Heavy snowfall over Himalayas makes drought over India more likely
Scientists from the Walker Institute at the University of Reading have helped to explain why heavy snowfall over the Himalayas in winter and spring can lead to drought over India, especially in the early part of the summer monsoon. This work forms part of the Climate Programme of the National Centre for Atmospheric Science (NCAS).
(Media-Newswire.com) - Scientists from the Walker Institute at the University of Reading have helped to explain why heavy snowfall over the Himalayas in winter and spring can lead to drought over India, especially in the early part of the summer monsoon. This work forms part of the Climate Programme of the National Centre for Atmospheric Science ( NCAS ).
As far back as the 1880s scientists have known that increased snow over the Himalayas can be linked with weaker summer monsoon rains over India. However, the mechanisms explaining this link have never been properly understood.
The new research, published this week in Climate Dynamics, studies the mechanisms using the Met Office/Hadley Centre climate model. It shows that greater snowfall reflects more sunlight and produces a cooling over the Himalayas. This in turn means a weakening of the monsoon winds that bring rain to India. The relationship is strongest in the absence of warm ( El Nino ) or cold ( La Nina ) conditions in the tropical Pacific, because these are normally the dominant control over Indian rains.
Dr Andy Turner, lead author of the research, says "Our work shows how, in the absence of a strong influence from the tropical Pacific, snow conditions over the Himalayas and Tibetan Plateau could be used to help forecast seasonal monsoon rainfall for India, particularly over northern India during the onset month of June. The onset timing of the monsoon is very important for agriculture; a lack of rainfall early in the growing season can have a devastating impact on crops."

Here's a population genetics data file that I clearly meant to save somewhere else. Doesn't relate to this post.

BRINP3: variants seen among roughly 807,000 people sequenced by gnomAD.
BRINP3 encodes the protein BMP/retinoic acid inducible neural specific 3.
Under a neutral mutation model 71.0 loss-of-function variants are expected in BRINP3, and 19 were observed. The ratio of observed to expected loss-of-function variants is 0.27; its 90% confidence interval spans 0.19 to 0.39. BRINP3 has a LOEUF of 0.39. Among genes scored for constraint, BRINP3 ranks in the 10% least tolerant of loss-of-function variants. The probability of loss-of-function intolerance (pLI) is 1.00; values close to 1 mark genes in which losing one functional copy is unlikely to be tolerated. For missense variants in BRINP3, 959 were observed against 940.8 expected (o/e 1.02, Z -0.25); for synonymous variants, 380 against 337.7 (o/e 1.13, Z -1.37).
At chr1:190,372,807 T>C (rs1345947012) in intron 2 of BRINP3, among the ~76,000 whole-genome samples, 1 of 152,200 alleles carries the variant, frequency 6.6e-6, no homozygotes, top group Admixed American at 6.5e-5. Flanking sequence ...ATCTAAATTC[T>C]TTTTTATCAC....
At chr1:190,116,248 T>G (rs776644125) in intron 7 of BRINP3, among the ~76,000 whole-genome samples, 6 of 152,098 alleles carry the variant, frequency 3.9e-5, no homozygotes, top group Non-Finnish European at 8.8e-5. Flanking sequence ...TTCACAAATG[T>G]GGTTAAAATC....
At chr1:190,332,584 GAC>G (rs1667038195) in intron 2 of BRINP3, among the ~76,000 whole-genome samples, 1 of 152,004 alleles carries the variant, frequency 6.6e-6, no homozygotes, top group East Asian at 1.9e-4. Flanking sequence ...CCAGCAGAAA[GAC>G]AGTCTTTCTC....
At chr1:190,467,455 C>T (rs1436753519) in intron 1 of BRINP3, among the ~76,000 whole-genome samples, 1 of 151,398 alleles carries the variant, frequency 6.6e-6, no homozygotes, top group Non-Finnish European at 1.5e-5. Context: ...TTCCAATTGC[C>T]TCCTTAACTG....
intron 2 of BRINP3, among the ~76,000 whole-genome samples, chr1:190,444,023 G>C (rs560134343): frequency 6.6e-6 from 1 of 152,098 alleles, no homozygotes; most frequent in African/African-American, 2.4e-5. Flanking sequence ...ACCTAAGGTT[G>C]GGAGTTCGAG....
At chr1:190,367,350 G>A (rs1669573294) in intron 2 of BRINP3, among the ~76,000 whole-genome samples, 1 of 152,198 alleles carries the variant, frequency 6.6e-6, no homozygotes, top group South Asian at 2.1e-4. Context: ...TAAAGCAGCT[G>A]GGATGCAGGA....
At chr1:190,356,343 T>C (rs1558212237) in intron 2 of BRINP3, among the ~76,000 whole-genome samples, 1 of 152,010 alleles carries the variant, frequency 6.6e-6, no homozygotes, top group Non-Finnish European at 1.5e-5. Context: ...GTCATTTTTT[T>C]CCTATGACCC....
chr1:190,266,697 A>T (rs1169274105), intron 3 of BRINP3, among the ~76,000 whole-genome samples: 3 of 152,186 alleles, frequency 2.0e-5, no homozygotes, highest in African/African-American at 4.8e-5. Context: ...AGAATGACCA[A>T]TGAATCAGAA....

Previous studies have also found links between snowfall over a much larger area of northern Eurasia, but this study suggests that the Himalayan region has a stronger influence on Indian rainfall.
The monsoon rains over India and the rest of South and East Asia are relied on by more than a third of the world's population.
This research is based on a large number of experiments with the Met Office/Hadley Centre climate model which have been used to show robust relationships between the monsoon and winter/spring snow. This study shows in detail the mechanisms linking heavy snowfall over the Himalayas and Tibet in winter and spring with summer monsoon drought, particularly in the early part of the season ( June ).
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Notes to editors:
1. Reference: Using idealized snow forcing to test teleconnections with the Indian summer monsoon in the Hadley Centre GCM. Andrew Turner and Julia Slingo, Climate Dynamics ( 2010 ) published online, http://dx.doi.org/doi:10.1007/s00382-010-0805-3
2. The University of Reading's Walker Institute for Climate System Research aims to improve understanding of future climate and its impacts. See www.walker-institute.ac.uk
3. The NERC National Centre for Atmospheric Science ( NCAS ) is a world leader in atmospheric science, with research programmes on: the science of climate change, including modelling and prediction; atmospheric composition, including air quality; weather, including hazardous weather and technologies for observing and modelling the atmosphere.
University of Reading is rated as one of the top 200 universities in the world ( THE-QS World Rankings 2009 ).
The University of Reading is one of the UK's top research-intensive universities. The University is ranked in the top 20 UK higher education institutions in securing research council grants worth nearly £10 million from EPSRC, ESRC, MRC, NERC, AHRC and BBSRC. In the RAE 2008, over 87% of the university's research was deemed to be of international standing. Areas of particular research strength recognised include meteorology and climate change, typography and graphic design, archaeology, philosophy, food biosciences, construction management, real estate and planning, as well as law. Standards of teaching are excellent - the University scored highly in the National Student Survey 2009. 87% of Reading students responding to the survey stated they were satisfied with the quality of their course. The University is estimated to contribute £600 million to the local economy annually. University of Reading is a member of the 1994 Group of 19 leading research-intensive universities. The Group was established in 1994 to promote excellence in university research and teaching. Each member undertakes diverse and high-quality research, while ensuring excellent levels of teaching and student experience. www.1994group.ac.uk
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